Were you going for "best chili" at the East Tennessee Chili Cook-Off to benefit Second Harvest?
Our goal was to win "hottest."
Our team of four, sponsored by Vulcan Materials, myself and Marty Black, Joe Boyd, and Julie Perrin. To be very honest, we made hot and regular chili, and had the hot behind the counter—it was a sideline. But everyone who came up, that's what they wanted. We ended up converting 50 percent of the regular chili to hot. A lot came back for more. People must love pain.
How much of your secret can you share?
I can tell you pretty much all of it: ghost peppers, which are Indian, and supposed to be the hottest pepper on earth. They are a million units on the Scoville scale [which measures the heat of chile peppers in multiples of 100]; twice as hot as habaneros.
Did you grow them?
No, I ordered from a company that supplies them, I can't remember the name. We also threw in a little habanero milled to 40 microns to give the chili a kicked-up flavor. It's almost like a dust, if you breathe in the air it makes you sneeze.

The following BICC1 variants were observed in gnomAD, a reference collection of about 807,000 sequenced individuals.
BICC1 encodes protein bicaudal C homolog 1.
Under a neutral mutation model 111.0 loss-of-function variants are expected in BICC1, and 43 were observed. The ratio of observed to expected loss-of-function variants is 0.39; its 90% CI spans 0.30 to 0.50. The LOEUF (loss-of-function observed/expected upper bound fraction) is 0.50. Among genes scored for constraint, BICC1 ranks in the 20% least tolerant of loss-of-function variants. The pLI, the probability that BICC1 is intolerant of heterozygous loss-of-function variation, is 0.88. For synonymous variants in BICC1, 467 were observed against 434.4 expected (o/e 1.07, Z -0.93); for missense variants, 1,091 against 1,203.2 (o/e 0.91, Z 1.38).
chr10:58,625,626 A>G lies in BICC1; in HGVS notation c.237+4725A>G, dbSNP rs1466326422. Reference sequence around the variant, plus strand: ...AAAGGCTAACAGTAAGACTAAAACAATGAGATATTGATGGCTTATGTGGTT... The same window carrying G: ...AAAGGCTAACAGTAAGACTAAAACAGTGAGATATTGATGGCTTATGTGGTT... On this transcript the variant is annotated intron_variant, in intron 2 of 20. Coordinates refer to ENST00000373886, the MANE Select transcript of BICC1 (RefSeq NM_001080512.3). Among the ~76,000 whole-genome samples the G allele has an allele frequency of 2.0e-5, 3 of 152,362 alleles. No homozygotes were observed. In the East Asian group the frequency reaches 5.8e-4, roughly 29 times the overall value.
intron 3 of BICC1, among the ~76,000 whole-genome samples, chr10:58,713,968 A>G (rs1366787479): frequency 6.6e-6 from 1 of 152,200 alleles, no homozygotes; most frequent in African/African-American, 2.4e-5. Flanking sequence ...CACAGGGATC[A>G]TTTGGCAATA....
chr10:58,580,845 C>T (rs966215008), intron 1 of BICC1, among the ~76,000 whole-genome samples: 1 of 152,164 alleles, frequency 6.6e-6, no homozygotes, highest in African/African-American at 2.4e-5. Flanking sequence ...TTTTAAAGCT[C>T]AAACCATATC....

Are you going to try hottest again next year, or move on?
We may attempt to improve on flavor and heat, and we'll probably try to go for best chili in Knoxville next year. Of course, I think we had it anyway this time.
Do people have to sign a disclaimer before sampling your chili?
We did not make 'em, no, but we did put up a pretty strong warning.
And the ghost peppers, they take a little while to work?
Yes, you can take a nice big bite and go into the second one before heat comes up the back of your throat and sets your head on fire.